A wide range of extrinsic adjuvants can provoke immune responses to antigens. These include saponins complexed to membrane protein antigens (immune stimulating complexes), pluronic polymers with mineral oil, killed mycobacteria in mineral oil, Freund's complete adjuvant, bacterial products, such as muramyl dipeptide (MDP).
 Chemically defined adjuvants, such as monophosphoryl lipid A, phospholipid conjungates have been investigated (see Goodman-Snitkoff et al., J. Immunol. 147:410-415 (1991) as has encapsulation of the protein with a proteoliposome (see Miller et al., J. Exp. Med. 176:1739-1744 (1992)).
 Synthetic polymers have also been evaluated as adjuvants. These include the homo- and copolymers of lactic and glycolic acid, which have been used to produce microspheres that encapsulate antigens (see Eldridge et al., Mol. Immunol. 28:287-294 (1993)).
 Nonionic block copolymers are another synthetic adjuvant being evaluated. Adjuvant effects have also been investigated for low molecular weight copolymers in oil-based emulsions (see Hunter et al., The Theory and Partical Application of Adjuvants (Ed. Stewart-Tull, D.E.S.) John Wiley and Sons, NY. Pp. 51-94 (1995)) and for high molecular weight copolymers in aqueous formulations (Todd et al., Vaccin 15:564-570 (1997)).
 Desirable characteristics of ideal adjuvants are lack of toxicity and an ability to stimulate a long lasting immune response. One of the most commonly used adjuvants in humans is alum. Other adjuvants, such as Saponin, Quil A and the water in oil adjuvant, Freund's with killed tubercle bacilli (Freund's complete) or without bacilli (Freud's incomplete), have had limited use in humans due to their toxic effects; and concerns have been raised as to undesirable effects in animals.
 Simply said, many adjuvant formulations have been described but most are never accepted for routine vaccines, and few have been approved for use in humans. This is mainly due to their toxicity. For example, the mineral oils used as adjuvants in certain animal vaccines are not readily degraded and persist at the site of injection thereby causing unacceptable granulomas; and, in general adjuvant formulations such as mineral compounds oil emulsions, liposomes and biodegradable polymer microspheres cause local reactions due to depot formation at the site of injection.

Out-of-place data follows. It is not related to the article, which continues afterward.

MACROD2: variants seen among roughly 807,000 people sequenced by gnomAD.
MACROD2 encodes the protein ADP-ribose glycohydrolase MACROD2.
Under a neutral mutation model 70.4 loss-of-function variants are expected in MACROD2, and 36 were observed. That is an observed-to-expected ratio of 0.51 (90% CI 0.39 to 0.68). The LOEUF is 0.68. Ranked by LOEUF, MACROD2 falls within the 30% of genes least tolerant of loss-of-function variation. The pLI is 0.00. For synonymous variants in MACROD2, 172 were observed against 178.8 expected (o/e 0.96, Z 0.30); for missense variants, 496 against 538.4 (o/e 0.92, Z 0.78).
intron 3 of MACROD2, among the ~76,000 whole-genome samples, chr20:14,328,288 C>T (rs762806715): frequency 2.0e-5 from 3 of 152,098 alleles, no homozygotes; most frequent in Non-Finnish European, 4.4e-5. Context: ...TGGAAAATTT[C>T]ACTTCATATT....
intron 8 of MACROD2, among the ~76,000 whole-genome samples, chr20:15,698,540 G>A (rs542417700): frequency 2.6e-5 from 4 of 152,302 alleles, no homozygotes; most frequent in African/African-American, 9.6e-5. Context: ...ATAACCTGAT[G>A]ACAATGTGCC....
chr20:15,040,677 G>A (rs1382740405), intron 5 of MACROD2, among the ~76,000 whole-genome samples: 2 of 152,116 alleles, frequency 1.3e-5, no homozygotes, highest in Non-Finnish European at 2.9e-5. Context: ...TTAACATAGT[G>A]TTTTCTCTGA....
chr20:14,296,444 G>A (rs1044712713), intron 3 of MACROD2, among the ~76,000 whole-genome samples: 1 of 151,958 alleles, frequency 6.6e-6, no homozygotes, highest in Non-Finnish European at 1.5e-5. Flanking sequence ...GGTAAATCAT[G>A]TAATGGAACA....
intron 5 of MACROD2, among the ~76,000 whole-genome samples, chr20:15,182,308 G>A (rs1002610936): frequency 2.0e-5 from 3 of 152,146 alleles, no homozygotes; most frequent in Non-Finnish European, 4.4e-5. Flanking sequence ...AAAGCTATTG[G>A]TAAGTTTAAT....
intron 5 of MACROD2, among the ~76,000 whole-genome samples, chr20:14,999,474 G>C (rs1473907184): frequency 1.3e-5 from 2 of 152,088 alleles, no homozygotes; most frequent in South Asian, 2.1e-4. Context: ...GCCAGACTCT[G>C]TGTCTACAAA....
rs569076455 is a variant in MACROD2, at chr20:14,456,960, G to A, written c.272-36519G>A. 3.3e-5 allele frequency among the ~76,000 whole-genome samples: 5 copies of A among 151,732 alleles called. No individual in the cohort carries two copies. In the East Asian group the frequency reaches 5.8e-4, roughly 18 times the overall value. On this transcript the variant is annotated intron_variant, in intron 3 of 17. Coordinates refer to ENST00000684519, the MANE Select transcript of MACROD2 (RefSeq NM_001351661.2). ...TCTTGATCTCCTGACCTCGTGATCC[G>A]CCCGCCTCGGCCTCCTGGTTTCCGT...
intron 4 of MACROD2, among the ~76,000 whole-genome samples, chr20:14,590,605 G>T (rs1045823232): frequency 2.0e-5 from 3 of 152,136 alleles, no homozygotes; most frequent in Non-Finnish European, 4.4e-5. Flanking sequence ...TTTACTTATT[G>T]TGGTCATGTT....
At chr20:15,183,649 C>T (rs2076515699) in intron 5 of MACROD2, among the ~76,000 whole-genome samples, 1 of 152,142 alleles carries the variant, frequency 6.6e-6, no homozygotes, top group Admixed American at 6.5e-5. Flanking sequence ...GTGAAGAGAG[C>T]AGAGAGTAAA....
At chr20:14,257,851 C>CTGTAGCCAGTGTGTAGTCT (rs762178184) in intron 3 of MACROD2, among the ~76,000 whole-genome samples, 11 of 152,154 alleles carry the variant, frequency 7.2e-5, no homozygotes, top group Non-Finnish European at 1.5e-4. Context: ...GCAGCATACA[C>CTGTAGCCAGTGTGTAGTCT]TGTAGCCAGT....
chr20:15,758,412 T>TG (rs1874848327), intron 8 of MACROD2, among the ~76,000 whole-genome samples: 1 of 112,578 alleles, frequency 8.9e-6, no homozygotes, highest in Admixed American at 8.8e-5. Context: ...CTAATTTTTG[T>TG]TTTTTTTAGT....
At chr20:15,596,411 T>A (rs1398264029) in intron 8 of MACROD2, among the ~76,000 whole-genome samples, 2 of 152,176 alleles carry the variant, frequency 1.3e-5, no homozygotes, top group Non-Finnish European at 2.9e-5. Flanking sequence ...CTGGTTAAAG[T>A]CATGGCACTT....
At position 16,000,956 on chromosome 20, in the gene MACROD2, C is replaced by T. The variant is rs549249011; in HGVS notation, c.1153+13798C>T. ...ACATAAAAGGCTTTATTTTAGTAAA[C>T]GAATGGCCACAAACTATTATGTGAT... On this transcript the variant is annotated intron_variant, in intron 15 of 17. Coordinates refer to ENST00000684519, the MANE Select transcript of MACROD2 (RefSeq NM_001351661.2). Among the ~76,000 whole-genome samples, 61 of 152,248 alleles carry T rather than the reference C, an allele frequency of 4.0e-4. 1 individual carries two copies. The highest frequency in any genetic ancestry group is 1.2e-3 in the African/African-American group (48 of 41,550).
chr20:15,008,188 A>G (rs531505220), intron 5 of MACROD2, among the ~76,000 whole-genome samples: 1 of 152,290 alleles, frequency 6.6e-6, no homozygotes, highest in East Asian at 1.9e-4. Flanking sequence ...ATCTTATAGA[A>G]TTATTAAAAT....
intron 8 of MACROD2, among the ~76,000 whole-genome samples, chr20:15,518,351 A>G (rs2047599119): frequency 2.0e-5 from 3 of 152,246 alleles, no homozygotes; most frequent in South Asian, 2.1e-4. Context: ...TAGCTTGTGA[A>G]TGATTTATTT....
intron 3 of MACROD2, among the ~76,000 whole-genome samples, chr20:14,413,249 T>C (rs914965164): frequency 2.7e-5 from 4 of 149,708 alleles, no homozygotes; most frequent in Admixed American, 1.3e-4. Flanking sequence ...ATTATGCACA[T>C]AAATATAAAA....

Examples of adjuvants presently approved in human vaccines include Alum, MF59 (an oil in water emulsion), MPL (a glycolipid), VLR, Immunopotentiating Reconstituted Influenza Virosomes (IRIV) and cholera toxin (see Reed et al. Trends in Immunology 30:23-32 (2008).
 One group of adjuvants known in the art are the so called sulpholipopolysaccharides, i.e. polysaccharides containing both fatty acid esters and sulphate esters (Hilgers et al., Immunology 60., pp. 141-146, 1986). A method for preparing these compounds has been described in the international patent application WO96/20222 and WO 96/20008. These methods for preparing sulpholipopolysaccharides result in the formation of different sulpholipopolysaccharides derivates varying in the number of fatty acids esters present per polysaccharide molecule, the number of sulphate esters present per polysaccharide molecule, the number of hydroxyl groups per polysaccharide molecule and the distribution of the fatty acid esters, the sulphate esters and the hydroxyl groups over the polysaccharide molecule. This means that during preparation of these sulpholipopolysaccharides a mixture is obtained of many different sulpholipopolysaccharides. Consequently, the yield of the desired sulpholipopolysaccharide is relatively low or the adjuvant needs to be used as a difficult to characterise mixture causing regulatory issues.